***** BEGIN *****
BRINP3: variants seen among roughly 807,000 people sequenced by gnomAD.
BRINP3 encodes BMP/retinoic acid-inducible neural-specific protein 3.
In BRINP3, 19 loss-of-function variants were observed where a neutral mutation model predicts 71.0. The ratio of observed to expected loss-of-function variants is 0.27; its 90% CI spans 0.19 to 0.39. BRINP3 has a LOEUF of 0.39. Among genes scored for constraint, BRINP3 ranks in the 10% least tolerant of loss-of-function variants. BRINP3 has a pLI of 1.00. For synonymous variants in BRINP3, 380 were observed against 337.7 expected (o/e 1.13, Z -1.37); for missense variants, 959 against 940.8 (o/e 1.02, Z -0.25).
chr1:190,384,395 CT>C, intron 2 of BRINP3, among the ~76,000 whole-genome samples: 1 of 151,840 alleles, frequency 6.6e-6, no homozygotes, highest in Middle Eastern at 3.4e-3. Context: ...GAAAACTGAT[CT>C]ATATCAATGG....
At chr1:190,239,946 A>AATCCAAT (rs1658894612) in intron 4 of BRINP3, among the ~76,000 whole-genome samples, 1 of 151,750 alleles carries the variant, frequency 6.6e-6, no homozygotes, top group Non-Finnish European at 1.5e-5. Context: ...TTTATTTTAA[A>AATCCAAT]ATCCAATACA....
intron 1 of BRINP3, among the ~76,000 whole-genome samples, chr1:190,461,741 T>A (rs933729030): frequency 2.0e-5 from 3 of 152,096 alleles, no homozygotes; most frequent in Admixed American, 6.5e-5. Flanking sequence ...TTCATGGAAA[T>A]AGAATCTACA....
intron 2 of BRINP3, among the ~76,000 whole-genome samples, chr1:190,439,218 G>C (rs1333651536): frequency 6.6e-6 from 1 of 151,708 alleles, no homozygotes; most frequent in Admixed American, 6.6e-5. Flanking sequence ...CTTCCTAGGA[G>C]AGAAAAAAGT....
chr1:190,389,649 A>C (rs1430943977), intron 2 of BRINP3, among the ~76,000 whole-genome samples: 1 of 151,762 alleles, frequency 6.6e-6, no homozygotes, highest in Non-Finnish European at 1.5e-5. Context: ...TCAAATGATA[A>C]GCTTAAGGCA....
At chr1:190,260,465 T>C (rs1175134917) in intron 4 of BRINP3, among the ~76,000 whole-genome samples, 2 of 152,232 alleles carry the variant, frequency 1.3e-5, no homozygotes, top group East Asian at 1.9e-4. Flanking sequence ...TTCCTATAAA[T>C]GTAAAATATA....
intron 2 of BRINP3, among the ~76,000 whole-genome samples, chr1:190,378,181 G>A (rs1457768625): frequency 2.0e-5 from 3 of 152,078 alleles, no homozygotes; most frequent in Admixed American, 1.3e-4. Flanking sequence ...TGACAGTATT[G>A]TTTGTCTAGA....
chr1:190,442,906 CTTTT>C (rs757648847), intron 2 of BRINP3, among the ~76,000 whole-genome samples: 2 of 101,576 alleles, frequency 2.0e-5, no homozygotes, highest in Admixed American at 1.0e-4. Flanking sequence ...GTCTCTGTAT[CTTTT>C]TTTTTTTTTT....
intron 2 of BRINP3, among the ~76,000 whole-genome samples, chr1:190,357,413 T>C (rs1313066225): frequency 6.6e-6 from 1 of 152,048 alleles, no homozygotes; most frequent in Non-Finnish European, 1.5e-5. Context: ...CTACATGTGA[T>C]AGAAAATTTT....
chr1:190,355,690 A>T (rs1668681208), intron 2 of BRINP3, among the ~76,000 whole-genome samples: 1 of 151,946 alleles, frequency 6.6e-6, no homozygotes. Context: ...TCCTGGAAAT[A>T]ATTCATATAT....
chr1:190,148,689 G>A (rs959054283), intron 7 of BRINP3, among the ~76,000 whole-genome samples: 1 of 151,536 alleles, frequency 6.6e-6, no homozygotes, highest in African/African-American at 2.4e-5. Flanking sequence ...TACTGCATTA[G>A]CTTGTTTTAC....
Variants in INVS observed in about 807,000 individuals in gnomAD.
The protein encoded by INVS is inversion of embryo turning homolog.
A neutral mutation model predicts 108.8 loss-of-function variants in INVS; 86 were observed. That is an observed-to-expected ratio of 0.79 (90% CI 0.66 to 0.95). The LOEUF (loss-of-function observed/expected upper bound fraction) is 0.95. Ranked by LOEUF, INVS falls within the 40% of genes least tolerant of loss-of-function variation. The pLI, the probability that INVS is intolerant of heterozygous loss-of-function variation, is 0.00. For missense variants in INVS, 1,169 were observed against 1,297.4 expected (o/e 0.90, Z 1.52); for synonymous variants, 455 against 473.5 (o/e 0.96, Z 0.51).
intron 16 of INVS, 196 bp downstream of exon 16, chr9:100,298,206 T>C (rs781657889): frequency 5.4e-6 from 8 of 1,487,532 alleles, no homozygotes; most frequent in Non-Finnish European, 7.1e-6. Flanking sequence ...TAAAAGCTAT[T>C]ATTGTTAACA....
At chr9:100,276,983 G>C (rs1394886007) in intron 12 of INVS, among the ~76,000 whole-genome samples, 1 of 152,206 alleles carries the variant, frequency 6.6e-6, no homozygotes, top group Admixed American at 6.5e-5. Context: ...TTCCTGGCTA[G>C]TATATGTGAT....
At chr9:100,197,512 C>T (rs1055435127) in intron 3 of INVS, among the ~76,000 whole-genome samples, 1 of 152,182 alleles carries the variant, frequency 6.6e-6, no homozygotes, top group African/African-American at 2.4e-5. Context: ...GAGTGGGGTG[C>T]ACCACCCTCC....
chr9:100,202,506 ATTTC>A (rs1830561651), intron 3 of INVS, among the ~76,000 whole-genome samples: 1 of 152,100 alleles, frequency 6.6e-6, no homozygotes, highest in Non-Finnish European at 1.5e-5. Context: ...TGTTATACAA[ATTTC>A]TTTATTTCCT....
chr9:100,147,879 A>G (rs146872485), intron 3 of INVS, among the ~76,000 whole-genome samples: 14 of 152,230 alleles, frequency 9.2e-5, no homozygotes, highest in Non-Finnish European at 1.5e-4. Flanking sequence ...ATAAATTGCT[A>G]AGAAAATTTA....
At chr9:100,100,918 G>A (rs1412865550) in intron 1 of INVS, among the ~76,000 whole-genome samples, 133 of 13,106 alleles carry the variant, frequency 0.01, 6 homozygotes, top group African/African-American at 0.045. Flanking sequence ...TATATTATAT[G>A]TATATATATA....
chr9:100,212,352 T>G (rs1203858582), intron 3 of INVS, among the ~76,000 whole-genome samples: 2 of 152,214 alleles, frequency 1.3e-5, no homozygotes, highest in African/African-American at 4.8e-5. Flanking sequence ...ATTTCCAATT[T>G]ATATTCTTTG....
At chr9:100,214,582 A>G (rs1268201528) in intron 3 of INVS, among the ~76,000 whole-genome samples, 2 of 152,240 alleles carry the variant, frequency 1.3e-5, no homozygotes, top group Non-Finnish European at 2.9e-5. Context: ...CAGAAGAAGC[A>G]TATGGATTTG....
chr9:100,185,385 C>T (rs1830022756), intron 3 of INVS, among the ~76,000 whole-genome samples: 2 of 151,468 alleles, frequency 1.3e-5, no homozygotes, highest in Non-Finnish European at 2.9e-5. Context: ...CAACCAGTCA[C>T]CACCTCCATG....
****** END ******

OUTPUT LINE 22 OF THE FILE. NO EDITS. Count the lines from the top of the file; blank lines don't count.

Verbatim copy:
chr9:100,147,879 A>G (rs146872485), intron 3 of INVS, among the ~76,000 whole-genome samples: 14 of 152,230 alleles, frequency 9.2e-5, no homozygotes, highest in Non-Finnish European at 1.5e-4. Flanking sequence ...ATAAATTGCT[A>G]AGAAAATTTA....